By Domenica Di Piazza, Editorial Director, TFCB
TFCB science writer and illustrator Ron Miller is always feeding me the most wonderful science activities. I’m always amazed at how Ron is able to offer such an easy way to get a grasp of the huge cosmic forces at work around us every day.
The latest Ron Miller activity is for collecting meteoroid dust (image below). A meteoroid is basically a piece of rocky debris (i.e., junk) in outer space. The visible part of a meteoroid that enters a planet’s atmosphere is called a meteor. (People often refer to meteor showers—see image above–as shooting stars.) Scientists guestimate that something like 3,000 tons—maybe even more–of meteoroid material (i.e., space junk) falls to Earth each DAY. Try this Ron Miller activity to collect some of this junk yourself.
a cookie sheet; plastic wrap; a magnet; a sheet of paper; a magnifying glass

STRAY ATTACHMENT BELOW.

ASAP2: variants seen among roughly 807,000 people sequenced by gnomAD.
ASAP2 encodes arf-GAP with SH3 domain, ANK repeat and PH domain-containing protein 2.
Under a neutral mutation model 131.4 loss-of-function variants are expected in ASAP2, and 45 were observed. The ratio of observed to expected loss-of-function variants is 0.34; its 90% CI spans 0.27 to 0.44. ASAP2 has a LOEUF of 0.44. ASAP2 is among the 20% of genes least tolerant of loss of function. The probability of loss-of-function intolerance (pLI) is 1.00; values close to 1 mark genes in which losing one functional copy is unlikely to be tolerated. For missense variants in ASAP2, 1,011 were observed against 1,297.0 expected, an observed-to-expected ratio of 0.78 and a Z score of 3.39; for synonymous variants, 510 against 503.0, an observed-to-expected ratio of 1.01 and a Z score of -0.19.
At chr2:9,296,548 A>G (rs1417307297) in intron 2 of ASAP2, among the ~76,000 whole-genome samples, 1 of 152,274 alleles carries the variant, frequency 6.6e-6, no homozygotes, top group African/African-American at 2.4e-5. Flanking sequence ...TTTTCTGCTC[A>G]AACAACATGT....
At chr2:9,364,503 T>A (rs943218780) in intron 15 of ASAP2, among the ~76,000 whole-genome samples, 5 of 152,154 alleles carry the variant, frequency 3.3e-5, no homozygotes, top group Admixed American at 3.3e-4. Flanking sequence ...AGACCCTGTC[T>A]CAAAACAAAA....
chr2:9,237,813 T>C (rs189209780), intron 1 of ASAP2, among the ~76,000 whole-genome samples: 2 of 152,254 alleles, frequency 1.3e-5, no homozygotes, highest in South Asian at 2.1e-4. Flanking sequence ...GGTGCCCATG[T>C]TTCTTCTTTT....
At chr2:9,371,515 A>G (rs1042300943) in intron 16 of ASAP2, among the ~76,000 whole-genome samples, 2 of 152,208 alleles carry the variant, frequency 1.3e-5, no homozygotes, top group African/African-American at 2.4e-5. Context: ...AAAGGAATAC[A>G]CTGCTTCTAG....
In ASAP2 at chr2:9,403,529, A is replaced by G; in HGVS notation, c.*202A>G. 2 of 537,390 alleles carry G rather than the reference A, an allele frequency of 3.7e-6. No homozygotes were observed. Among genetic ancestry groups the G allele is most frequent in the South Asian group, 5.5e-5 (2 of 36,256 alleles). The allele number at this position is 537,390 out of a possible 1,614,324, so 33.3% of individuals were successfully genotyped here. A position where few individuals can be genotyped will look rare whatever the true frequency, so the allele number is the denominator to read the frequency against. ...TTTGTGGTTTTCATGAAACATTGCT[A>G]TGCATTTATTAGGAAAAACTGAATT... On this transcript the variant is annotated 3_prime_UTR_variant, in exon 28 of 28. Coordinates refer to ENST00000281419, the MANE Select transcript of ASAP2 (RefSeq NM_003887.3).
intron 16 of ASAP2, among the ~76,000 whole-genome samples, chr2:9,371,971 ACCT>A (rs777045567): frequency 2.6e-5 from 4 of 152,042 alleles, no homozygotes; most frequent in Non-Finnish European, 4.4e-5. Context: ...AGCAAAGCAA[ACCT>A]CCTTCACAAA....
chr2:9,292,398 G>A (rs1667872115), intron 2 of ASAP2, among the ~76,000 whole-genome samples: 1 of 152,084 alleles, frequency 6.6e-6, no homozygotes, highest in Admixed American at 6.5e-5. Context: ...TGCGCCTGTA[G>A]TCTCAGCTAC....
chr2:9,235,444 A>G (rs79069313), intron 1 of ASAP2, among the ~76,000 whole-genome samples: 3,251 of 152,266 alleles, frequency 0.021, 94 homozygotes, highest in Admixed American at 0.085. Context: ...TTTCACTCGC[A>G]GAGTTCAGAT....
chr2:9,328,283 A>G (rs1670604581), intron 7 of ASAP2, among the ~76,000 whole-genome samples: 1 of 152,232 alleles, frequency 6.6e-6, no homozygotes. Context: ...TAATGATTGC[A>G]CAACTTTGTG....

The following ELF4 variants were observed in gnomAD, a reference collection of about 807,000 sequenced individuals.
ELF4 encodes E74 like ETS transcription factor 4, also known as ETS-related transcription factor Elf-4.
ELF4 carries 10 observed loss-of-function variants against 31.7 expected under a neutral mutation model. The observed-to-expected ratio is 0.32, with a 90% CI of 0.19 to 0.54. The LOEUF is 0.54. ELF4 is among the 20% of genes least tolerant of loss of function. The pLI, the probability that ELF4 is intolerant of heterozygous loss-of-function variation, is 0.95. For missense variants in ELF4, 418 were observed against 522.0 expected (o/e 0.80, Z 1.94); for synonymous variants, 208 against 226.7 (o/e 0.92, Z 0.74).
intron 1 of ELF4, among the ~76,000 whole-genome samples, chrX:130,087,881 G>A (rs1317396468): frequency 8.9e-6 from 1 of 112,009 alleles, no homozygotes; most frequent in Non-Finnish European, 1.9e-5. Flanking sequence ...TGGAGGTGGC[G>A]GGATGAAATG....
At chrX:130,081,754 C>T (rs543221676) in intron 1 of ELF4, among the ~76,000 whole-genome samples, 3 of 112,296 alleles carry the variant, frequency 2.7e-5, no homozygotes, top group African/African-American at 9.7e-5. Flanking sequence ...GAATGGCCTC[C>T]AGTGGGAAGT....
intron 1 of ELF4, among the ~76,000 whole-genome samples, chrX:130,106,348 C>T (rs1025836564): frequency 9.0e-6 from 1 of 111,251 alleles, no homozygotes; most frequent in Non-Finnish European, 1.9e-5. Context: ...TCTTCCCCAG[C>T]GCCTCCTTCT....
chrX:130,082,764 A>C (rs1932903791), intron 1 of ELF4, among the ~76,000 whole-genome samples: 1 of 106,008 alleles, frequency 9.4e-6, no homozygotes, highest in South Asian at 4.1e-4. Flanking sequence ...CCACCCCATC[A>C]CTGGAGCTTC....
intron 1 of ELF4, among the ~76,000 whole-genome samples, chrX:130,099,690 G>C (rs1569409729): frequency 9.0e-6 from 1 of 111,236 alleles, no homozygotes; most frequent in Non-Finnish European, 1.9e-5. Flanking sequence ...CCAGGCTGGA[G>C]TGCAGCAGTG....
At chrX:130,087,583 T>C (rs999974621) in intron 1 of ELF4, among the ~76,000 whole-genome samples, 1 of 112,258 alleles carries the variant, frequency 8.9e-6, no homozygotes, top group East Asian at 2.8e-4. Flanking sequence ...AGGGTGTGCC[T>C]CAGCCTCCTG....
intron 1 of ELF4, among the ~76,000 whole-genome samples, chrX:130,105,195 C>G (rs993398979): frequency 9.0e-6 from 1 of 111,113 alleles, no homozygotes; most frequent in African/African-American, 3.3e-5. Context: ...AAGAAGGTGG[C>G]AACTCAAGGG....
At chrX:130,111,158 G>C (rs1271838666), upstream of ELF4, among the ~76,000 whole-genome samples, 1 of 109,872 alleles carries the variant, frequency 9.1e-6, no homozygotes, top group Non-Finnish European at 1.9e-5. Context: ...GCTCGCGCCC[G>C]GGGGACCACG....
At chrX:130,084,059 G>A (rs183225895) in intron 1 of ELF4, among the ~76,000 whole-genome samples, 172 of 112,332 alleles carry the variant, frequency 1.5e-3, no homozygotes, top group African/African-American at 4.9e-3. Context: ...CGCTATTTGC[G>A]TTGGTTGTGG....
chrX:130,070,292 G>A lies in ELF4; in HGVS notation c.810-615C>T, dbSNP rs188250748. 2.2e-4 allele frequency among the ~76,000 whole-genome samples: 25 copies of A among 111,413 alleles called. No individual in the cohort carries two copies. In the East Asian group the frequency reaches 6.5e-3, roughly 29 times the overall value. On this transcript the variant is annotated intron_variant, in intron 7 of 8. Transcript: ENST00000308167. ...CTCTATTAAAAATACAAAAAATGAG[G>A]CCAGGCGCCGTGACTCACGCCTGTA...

To collect star dust:
Line the cookie sheet with plastic wrap. Fold the edges of the wrap under the cookie sheet so it doesn’t blow away. Place the cookie sheet someplace outdoors where nothing is blocking the sky. Be sure that the sheet is also protected from the wind.
Leave the cookie sheet outside for at least a week. When you bring it inside, the plastic lining will be covered with all sorts of debris. There may be leaves, grass, dead bugs, and many other things. Carefully run the magnet through all of this. (A piece of paper wrapped over the end of the magnet will make it easier to remove whatever sticks to it.)
Most likely, at least a few small particles will stick to the magnet. These are the remnants of meteoroids that have disintegrated in the upper atmosphere. They stick to the magnet because most meteoroids have iron and nickel in them.
Examine the particles under the magnifying glass. What do they look like? Compare them to the particles in the image at left. Meteoroid dust like this adds tons of weight to Earth every day!
Check in next week for more from TFCB–and enjoy the holiday weekend!
[experiment and bottom photo courtesy of Ron Miller; top photo courtesy of NASA]